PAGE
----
Top of our agenda: 3 issues to watch in 2014

January 13th, 2014 | ACA Team,

By Bob Reaume, ACA

It being January, every advertising pundit and their cousin are busy doing their look at ‘The New Year Ahead.’ But because the ACA’s focus is on issues that matter to client-marketers, I think you’ll find this list a bit different from most everything else you’ll read out there.

The ACA monitors many issues, but for today, I’ll focus on three that have migrated to the top of our agenda.

Stands for ‘Online Behavioural Advertising’ and ‘Digital Advertising Alliance of Canada’. OBA is a modern 21st century method of targeting that advertisers can use to communicate relevant ads more effectively to consumers. Consumers get ads that they are more likely to be interested in and advertisers get a much more effective and efficient targeting tool. But just as the industry has always practiced responsible self-regulation with legacy (‘traditional’ if you prefer) advertising media, this more modern method must also be done responsibly.

That’s why ACA took the lead and set up the Digital Advertising Alliance of Canada which is comprised of the 8 major marketing/advertising/media organizations in Canada (ACA, ICA, CMDC, IAB, CMA, AAPQ, QMDC, & ASC). And that last one (ASC) is important, because just as with traditional media where ASC administers several rigorous self-regulatory codes of advertising practice, they will also set up the compliance monitoring program for OBA/DAAC .

Companies signing on to use the ‘AdChoices icon’ in their online ads will have to abide by six principles of responsible advertising. Over 25 companies have already joined the program and many dozens more are expected in 2014. If you would like more information visit

We’ve seen some very large media mergers in the last several years (Shaw/CanWest; Bell Globemedia/CHUM; Rogers/City; Bell/CTV; Bell/Astral; etc.) And for each one, ACA elicits input from our media committee to inform our representations to the Competition Bureau and if applicable, the CRTC. The goal, as always, is to maintain a healthy and, especially, a competitive marketplace for advertising time and space.

But now, with this summer’s mega-merger of Publicis and Omnicom, the focus has moved to advertising services offered by agencies. With this merger now approved, it instantly creates the largest advertising agency in Canada (and in the world, by the way) and controls 43% of all media billings in this country. A concern for advertisers all on its own, to be sure.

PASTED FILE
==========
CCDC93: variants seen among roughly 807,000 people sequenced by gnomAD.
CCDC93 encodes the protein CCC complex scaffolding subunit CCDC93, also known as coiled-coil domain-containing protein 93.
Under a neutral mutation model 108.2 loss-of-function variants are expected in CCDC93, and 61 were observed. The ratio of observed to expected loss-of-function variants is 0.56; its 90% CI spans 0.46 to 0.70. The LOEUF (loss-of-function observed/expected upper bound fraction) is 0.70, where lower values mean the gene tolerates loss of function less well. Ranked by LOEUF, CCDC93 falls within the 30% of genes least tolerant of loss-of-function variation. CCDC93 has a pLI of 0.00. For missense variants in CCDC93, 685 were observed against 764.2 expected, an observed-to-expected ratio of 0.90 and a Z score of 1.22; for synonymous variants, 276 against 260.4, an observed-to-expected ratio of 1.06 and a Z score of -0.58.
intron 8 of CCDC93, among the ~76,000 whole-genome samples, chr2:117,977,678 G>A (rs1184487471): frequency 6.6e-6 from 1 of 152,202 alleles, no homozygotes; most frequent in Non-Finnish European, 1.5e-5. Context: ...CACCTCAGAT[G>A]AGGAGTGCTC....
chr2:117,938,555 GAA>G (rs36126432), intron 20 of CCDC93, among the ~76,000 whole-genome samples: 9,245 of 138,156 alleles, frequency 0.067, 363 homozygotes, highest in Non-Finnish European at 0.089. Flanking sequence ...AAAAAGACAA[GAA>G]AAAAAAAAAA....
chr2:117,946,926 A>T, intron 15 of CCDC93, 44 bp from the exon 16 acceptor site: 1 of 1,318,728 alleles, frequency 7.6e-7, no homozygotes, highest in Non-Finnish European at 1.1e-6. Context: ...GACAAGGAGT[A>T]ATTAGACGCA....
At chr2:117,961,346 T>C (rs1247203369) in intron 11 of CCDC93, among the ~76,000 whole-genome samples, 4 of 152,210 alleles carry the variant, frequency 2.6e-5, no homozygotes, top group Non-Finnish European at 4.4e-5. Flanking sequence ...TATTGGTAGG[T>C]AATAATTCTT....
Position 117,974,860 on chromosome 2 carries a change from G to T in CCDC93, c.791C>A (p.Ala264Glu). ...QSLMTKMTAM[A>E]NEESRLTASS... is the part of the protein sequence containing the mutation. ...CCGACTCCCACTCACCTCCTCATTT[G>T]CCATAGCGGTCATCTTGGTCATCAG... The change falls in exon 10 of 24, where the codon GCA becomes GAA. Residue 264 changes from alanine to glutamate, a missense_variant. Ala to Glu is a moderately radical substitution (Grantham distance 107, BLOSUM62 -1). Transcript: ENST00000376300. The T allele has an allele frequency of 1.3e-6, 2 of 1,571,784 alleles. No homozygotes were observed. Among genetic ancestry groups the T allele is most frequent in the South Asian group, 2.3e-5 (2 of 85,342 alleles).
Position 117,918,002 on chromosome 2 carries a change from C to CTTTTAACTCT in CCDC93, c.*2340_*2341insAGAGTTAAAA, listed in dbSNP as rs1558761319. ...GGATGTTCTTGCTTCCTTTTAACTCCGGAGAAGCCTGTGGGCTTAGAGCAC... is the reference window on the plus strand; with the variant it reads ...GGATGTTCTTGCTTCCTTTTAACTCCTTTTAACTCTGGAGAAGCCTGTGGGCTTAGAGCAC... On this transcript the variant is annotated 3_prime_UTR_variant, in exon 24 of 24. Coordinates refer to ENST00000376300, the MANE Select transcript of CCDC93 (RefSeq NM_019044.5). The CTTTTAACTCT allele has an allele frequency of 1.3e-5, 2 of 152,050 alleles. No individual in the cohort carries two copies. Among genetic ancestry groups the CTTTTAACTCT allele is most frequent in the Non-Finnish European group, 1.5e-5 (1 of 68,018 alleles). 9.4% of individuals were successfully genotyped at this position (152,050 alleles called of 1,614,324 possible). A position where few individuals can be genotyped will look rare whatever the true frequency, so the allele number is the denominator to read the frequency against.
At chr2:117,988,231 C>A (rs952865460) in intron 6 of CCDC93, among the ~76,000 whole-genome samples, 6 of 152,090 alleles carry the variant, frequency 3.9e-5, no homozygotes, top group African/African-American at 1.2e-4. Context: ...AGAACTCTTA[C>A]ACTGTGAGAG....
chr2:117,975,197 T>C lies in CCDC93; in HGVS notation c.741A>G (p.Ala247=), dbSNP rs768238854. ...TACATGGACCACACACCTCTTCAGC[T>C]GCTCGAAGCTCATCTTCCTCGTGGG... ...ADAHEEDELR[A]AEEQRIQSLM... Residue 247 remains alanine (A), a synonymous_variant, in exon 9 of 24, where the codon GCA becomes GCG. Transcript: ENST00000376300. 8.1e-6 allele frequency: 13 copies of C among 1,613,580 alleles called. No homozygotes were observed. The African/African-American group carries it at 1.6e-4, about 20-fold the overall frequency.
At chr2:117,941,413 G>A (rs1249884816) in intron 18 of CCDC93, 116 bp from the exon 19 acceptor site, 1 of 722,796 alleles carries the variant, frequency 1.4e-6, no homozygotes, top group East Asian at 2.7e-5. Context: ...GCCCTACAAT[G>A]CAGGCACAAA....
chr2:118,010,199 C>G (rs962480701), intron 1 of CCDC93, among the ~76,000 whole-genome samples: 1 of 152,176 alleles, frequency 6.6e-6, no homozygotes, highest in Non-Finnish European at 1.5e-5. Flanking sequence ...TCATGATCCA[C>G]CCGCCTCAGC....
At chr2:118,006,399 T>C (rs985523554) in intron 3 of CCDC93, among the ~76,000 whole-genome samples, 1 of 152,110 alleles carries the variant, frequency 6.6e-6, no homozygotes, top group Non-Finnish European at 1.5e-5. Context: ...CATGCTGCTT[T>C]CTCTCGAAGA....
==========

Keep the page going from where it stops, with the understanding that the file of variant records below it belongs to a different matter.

Why? To begin with, it’s pretty hard to answer the question “Where’s the value in the merger for clients?” But doubly concerning is some of the hot rumors of other pending mergers, the hottest of which would see WPP and IPG hooking up. If that were to happen, WPP/IPG would control 44% of media billings in Canada, and also claim bragging rights of being the largest ad agency in the world. Simple math: 43 + 44 = 87. And 87% of media billings in Canada in the hands of only two owners would start to look a little unhealthy, don’t you think?

Broadcasters would like to run full commercial load versions of live shows in Video-On-Demand (VOD) for 7 days post airing and throw that post-live playback audience back into the original live show. This creates problems for advertisers with past-date promotions for one thing, but can become especially problematic if the VOD airing runs in say the 14th week of a talent cycle, and tips the advertiser into a whole new talent residual cycle.

VOD is valuable inventory, don’t get me wrong, but we just think that it should be sold separately (so advertisers can control when and where their spots run) or better still, offered to advertisers via a more modern method called addressable TV. Seems to us, the increased targeting and personalization power of this more 21st century method of TV advertising delivery could help legacy broadcasting better compete with digital while offering advertisers a better product. So what are we waiting for?